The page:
This mat has it all, and it should for its category leading price. The size, weight, comfort, and included repair kit are the main selling points and aren't equalled by any other mat I've seen. My backpacking buddy uses a Thermarest that's larger, warmer, and thicker, and I always look at it with a little envy when setting up camp, but when packing my bag or wearing my backpack, I'm always thankful I bought this. I've used it in sub-zero conditions, on multi-night backpacking trips, car trips, and even for guests at my house and my hips and shoulders never touch the ground while using it (even sleeping on my side). Proper inflation level is key, so figure out what's best. No rips or leaks, easy and quick to fill and deflate, and doesn't make as much noise as a Thermarest.

Eric B. at Backcountry.com on 03/02/2013

After much research, my wife and I decided to try the Synmat UL 7 with an eye toward our next major trip, which was a 3-week backpacking trip through the Yukon.
We tested the mats in Colorado and Utah all summer and loved them, but the real test was cold, wet weather in the Yukon, which was almost a daily occurrence. These mats kept us aloft in soft, elevated warmth no matter what the temperature.
We did get a bit of condensation build up due to the general dampness of the trip, but I called Exped customer service and they gave us detailed instructions on how to rid the moisture from the mats. We did as they suggested and it worked great.
By far the most comfortable, convenient and lightweight/packable sleeping pad I've ever used. I would strongly recommend this product to anyone.

sdap66164 at Backcountry.com on 10/03/2012

I have a UL 7 in regular and in LW and tried the UL 9, in regular (it is listed in the options). The UL 9 M is 21.9oz vs the 20.9oz UL 7 LW. The UL 9 is much bulkier when packed, is very hard to fit into the included bag, whereas the UL 7's are easy. The UL 9 is undeniably warmer and more comfortable, I just did not expect the bulk! Also, the valve on the UL 9 is different, it makes a really loud farting sound when inflating. I would recommend the UL 7 unless you want the warmth and are using the Pump bag to minimize the farting :) I think backcountry.com should separate the 2 thicknesses as separate products.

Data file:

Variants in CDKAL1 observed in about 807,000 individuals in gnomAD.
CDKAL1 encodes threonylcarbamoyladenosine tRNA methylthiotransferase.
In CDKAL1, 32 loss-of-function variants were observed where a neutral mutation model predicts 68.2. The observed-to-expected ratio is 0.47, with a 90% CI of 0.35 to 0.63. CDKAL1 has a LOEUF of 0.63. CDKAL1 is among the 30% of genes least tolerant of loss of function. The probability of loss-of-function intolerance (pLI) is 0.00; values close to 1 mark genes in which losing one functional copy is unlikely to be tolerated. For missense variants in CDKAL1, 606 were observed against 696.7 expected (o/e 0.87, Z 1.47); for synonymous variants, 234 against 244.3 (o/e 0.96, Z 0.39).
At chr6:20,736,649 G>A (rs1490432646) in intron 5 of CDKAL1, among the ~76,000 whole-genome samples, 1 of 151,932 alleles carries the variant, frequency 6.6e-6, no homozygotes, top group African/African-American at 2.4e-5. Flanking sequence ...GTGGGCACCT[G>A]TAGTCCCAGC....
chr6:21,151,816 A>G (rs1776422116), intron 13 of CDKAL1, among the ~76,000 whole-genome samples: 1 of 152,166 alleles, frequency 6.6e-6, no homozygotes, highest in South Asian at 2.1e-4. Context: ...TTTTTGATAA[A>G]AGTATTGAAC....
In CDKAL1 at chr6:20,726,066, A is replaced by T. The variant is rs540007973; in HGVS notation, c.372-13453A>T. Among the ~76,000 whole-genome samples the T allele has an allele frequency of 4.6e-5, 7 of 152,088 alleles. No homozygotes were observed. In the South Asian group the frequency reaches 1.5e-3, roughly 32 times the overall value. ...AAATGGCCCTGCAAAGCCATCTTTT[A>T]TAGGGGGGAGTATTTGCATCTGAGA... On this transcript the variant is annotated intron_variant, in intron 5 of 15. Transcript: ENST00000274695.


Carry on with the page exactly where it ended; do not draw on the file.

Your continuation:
Vladimir at Backcountry.com on 05/29/2013

Packs down to the size of a gatorade bottle and very comfortable. I was a concerned about durability when I bought it but have had no issues. I even backpack with two dogs who walk all over and have not had any problems. I have only used in temps down to the mid-30's but It worked fine at that level with a 20 degree rated bag. The weight/size to comfort ratio is off the chart for this thing. Even at $100+ well worth the price. Also doesn't have the noise issues that the therm-a-rest UL pads have

jefp117988 at Backcountry.com on 08/24/2013

Can't even describe how much more comfortable this sleeping pad is than my Thermarest, which i purchased only 2 years ago. The level of comfort is out of this world. It packs down to nothing, so it fits in my pack and stays dry! I used to have problems with waking up in the middle of the night because my hip hurt from hitting the ground through my women's specific Thermarest Plus. Not even an issue with this pad. It is pricey, but a solid night's rest is worth the extra money!

Laura Burt at Backcountry.com on 07/29/2012

Super light.. (the first one I got was defective and BC sent me a new one lickety split)
I would definitely suggest testing it a few nights at home before you go out into the Forrest. One downside is that the cornbread yellow color shows dirt that you will inevitably pick up whilst backpacking. The stuff sack breaks too, but it's not crucial. The long tubes could be better if they were more quilted like the big agnes q-core, but this pad is way lighter than that one too.

alep161195 at Backcountry.com on 08/05/2013

Ive tried a number of pads, im not going to name them all, but I like this one the best. Its actually very warm and it does feel wider than any neo-air!
Whats seals the deal is the valve system, it seems too complicated but its genious.

michael at Backcountry.com on 09/10/2012

Negative Reviews:

One ended up with thousands of small holes due to faulty material, while the replacement the baffle blew creating one large baffle from two baffles. I looked after both as per instructions. Thermarest have been better!

Eion at Backcountry.com on 04/22/2013